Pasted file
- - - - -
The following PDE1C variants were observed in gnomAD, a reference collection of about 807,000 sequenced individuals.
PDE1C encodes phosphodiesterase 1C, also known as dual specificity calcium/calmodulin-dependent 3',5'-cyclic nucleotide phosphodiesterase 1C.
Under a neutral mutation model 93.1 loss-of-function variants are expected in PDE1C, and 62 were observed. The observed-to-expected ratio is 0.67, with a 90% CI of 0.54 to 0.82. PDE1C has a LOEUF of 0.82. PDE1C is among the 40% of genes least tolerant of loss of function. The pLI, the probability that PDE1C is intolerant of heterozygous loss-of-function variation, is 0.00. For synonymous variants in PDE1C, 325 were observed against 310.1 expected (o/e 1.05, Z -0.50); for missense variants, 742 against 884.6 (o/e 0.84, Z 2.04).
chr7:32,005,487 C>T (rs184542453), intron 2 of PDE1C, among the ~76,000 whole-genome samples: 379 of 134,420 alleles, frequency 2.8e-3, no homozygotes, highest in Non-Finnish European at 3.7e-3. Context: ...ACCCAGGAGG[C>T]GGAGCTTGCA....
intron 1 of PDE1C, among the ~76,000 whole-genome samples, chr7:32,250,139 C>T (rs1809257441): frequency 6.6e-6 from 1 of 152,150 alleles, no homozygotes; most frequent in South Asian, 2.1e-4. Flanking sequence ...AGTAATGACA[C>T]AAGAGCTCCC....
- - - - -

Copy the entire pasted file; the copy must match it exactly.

The following PDE1C variants were observed in gnomAD, a reference collection of about 807,000 sequenced individuals.
PDE1C encodes phosphodiesterase 1C, also known as dual specificity calcium/calmodulin-dependent 3',5'-cyclic nucleotide phosphodiesterase 1C.
Under a neutral mutation model 93.1 loss-of-function variants are expected in PDE1C, and 62 were observed. The observed-to-expected ratio is 0.67, with a 90% CI of 0.54 to 0.82. PDE1C has a LOEUF of 0.82. PDE1C is among the 40% of genes least tolerant of loss of function. The pLI, the probability that PDE1C is intolerant of heterozygous loss-of-function variation, is 0.00. For synonymous variants in PDE1C, 325 were observed against 310.1 expected (o/e 1.05, Z -0.50); for missense variants, 742 against 884.6 (o/e 0.84, Z 2.04).
chr7:32,005,487 C>T (rs184542453), intron 2 of PDE1C, among the ~76,000 whole-genome samples: 379 of 134,420 alleles, frequency 2.8e-3, no homozygotes, highest in Non-Finnish European at 3.7e-3. Context: ...ACCCAGGAGG[C>T]GGAGCTTGCA....
intron 1 of PDE1C, among the ~76,000 whole-genome samples, chr7:32,250,139 C>T (rs1809257441): frequency 6.6e-6 from 1 of 152,150 alleles, no homozygotes; most frequent in South Asian, 2.1e-4. Flanking sequence ...AGTAATGACA[C>T]AAGAGCTCCC....